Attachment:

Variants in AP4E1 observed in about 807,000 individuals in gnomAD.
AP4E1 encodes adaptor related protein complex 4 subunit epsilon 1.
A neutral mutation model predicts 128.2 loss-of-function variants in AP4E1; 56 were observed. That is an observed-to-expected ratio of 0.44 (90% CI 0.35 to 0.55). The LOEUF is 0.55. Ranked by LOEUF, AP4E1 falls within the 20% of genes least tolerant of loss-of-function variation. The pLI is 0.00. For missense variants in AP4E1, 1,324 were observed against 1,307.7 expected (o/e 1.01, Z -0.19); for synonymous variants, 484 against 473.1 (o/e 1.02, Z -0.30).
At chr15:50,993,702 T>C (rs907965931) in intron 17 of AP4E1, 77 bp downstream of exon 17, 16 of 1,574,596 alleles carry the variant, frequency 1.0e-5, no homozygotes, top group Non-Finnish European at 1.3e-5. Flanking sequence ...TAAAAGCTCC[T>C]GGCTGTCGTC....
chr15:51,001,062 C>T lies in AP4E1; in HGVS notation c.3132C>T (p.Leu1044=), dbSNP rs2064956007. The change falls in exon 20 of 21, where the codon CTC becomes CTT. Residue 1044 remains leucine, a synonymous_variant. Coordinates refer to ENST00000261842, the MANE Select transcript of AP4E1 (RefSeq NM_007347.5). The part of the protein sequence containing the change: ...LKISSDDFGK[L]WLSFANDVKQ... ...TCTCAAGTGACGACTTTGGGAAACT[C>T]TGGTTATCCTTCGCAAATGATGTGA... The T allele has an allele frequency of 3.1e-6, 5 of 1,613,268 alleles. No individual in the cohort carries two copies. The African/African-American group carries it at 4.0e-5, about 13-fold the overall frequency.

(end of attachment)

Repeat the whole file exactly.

Variants in AP4E1 observed in about 807,000 individuals in gnomAD.
AP4E1 encodes adaptor related protein complex 4 subunit epsilon 1.
A neutral mutation model predicts 128.2 loss-of-function variants in AP4E1; 56 were observed. That is an observed-to-expected ratio of 0.44 (90% CI 0.35 to 0.55). The LOEUF is 0.55. Ranked by LOEUF, AP4E1 falls within the 20% of genes least tolerant of loss-of-function variation. The pLI is 0.00. For missense variants in AP4E1, 1,324 were observed against 1,307.7 expected (o/e 1.01, Z -0.19); for synonymous variants, 484 against 473.1 (o/e 1.02, Z -0.30).
At chr15:50,993,702 T>C (rs907965931) in intron 17 of AP4E1, 77 bp downstream of exon 17, 16 of 1,574,596 alleles carry the variant, frequency 1.0e-5, no homozygotes, top group Non-Finnish European at 1.3e-5. Flanking sequence ...TAAAAGCTCC[T>C]GGCTGTCGTC....
chr15:51,001,062 C>T lies in AP4E1; in HGVS notation c.3132C>T (p.Leu1044=), dbSNP rs2064956007. The change falls in exon 20 of 21, where the codon CTC becomes CTT. Residue 1044 remains leucine, a synonymous_variant. Coordinates refer to ENST00000261842, the MANE Select transcript of AP4E1 (RefSeq NM_007347.5). The part of the protein sequence containing the change: ...LKISSDDFGK[L]WLSFANDVKQ... ...TCTCAAGTGACGACTTTGGGAAACT[C>T]TGGTTATCCTTCGCAAATGATGTGA... The T allele has an allele frequency of 3.1e-6, 5 of 1,613,268 alleles. No individual in the cohort carries two copies. The African/African-American group carries it at 4.0e-5, about 13-fold the overall frequency.